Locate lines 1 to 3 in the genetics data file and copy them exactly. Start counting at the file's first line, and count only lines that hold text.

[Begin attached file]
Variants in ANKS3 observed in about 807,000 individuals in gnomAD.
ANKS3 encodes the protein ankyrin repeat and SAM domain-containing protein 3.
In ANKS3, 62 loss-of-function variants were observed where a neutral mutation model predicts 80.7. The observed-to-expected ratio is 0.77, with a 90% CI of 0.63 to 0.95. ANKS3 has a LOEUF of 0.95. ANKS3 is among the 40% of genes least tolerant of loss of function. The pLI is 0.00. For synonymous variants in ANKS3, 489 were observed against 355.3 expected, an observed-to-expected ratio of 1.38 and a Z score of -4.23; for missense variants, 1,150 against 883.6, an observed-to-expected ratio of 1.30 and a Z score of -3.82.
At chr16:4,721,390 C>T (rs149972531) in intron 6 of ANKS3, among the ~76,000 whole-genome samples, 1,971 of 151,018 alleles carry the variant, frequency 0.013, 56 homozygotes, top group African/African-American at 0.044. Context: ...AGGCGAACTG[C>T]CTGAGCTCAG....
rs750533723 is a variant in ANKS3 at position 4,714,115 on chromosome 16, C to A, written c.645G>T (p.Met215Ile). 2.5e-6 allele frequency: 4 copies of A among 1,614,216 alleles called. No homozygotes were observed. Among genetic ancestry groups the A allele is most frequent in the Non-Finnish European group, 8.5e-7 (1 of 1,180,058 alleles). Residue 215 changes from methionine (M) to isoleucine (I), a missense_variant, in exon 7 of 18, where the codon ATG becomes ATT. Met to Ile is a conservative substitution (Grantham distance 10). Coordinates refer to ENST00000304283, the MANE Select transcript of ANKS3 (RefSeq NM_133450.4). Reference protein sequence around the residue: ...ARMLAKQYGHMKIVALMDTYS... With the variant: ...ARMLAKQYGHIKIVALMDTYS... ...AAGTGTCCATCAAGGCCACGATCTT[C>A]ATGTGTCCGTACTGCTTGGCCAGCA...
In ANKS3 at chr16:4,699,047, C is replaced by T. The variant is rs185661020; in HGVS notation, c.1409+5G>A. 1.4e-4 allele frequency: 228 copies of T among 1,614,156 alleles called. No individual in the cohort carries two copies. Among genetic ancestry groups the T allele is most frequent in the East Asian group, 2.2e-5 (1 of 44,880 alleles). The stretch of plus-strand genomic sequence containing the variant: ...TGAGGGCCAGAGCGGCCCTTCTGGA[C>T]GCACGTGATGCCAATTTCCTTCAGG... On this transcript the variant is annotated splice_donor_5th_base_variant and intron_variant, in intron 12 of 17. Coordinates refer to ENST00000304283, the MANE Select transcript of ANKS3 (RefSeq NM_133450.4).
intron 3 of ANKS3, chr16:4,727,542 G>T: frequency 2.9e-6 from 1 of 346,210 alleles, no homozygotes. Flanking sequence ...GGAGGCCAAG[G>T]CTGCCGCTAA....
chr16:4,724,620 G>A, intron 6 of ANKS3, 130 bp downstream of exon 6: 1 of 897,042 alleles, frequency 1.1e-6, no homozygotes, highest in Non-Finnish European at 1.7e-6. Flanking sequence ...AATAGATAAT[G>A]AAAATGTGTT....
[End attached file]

Variants in ANKS3 observed in about 807,000 individuals in gnomAD.
ANKS3 encodes the protein ankyrin repeat and SAM domain-containing protein 3.
In ANKS3, 62 loss-of-function variants were observed where a neutral mutation model predicts 80.7. The observed-to-expected ratio is 0.77, with a 90% CI of 0.63 to 0.95. ANKS3 has a LOEUF of 0.95. ANKS3 is among the 40% of genes least tolerant of loss of function. The pLI is 0.00. For synonymous variants in ANKS3, 489 were observed against 355.3 expected, an observed-to-expected ratio of 1.38 and a Z score of -4.23; for missense variants, 1,150 against 883.6, an observed-to-expected ratio of 1.30 and a Z score of -3.82.